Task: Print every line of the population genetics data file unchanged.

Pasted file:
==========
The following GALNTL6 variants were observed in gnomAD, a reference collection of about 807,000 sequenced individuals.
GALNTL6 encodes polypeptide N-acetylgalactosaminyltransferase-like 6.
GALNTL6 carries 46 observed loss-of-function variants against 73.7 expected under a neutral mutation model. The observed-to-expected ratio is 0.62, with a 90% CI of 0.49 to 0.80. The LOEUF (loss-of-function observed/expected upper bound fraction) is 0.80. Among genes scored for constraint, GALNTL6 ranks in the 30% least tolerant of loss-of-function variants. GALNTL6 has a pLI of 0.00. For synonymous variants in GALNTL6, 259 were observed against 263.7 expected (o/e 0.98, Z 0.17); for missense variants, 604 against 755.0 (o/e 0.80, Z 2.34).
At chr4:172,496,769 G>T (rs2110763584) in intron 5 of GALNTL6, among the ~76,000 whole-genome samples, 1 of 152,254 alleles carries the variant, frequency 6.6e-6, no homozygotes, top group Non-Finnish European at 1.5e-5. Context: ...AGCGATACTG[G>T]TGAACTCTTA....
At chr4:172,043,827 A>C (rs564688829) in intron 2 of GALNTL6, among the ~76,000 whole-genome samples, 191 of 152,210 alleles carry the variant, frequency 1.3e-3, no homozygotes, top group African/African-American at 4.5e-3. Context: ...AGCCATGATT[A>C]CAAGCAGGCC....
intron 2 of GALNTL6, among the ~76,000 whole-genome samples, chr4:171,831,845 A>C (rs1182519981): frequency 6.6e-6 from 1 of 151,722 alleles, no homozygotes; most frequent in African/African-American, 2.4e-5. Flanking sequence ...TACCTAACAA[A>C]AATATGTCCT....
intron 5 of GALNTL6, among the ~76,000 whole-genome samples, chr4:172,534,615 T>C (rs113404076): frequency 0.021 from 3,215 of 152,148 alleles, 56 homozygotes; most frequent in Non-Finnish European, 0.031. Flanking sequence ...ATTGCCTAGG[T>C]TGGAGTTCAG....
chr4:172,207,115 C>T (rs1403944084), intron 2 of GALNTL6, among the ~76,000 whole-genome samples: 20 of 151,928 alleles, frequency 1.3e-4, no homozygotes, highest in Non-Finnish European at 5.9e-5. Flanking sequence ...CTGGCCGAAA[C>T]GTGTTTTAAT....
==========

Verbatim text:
The following GALNTL6 variants were observed in gnomAD, a reference collection of about 807,000 sequenced individuals.
GALNTL6 encodes polypeptide N-acetylgalactosaminyltransferase-like 6.
GALNTL6 carries 46 observed loss-of-function variants against 73.7 expected under a neutral mutation model. The observed-to-expected ratio is 0.62, with a 90% CI of 0.49 to 0.80. The LOEUF (loss-of-function observed/expected upper bound fraction) is 0.80. Among genes scored for constraint, GALNTL6 ranks in the 30% least tolerant of loss-of-function variants. GALNTL6 has a pLI of 0.00. For synonymous variants in GALNTL6, 259 were observed against 263.7 expected (o/e 0.98, Z 0.17); for missense variants, 604 against 755.0 (o/e 0.80, Z 2.34).
At chr4:172,496,769 G>T (rs2110763584) in intron 5 of GALNTL6, among the ~76,000 whole-genome samples, 1 of 152,254 alleles carries the variant, frequency 6.6e-6, no homozygotes, top group Non-Finnish European at 1.5e-5. Context: ...AGCGATACTG[G>T]TGAACTCTTA....
At chr4:172,043,827 A>C (rs564688829) in intron 2 of GALNTL6, among the ~76,000 whole-genome samples, 191 of 152,210 alleles carry the variant, frequency 1.3e-3, no homozygotes, top group African/African-American at 4.5e-3. Context: ...AGCCATGATT[A>C]CAAGCAGGCC....
intron 2 of GALNTL6, among the ~76,000 whole-genome samples, chr4:171,831,845 A>C (rs1182519981): frequency 6.6e-6 from 1 of 151,722 alleles, no homozygotes; most frequent in African/African-American, 2.4e-5. Flanking sequence ...TACCTAACAA[A>C]AATATGTCCT....
intron 5 of GALNTL6, among the ~76,000 whole-genome samples, chr4:172,534,615 T>C (rs113404076): frequency 0.021 from 3,215 of 152,148 alleles, 56 homozygotes; most frequent in Non-Finnish European, 0.031. Flanking sequence ...ATTGCCTAGG[T>C]TGGAGTTCAG....
chr4:172,207,115 C>T (rs1403944084), intron 2 of GALNTL6, among the ~76,000 whole-genome samples: 20 of 151,928 alleles, frequency 1.3e-4, no homozygotes, highest in Non-Finnish European at 5.9e-5. Flanking sequence ...CTGGCCGAAA[C>T]GTGTTTTAAT....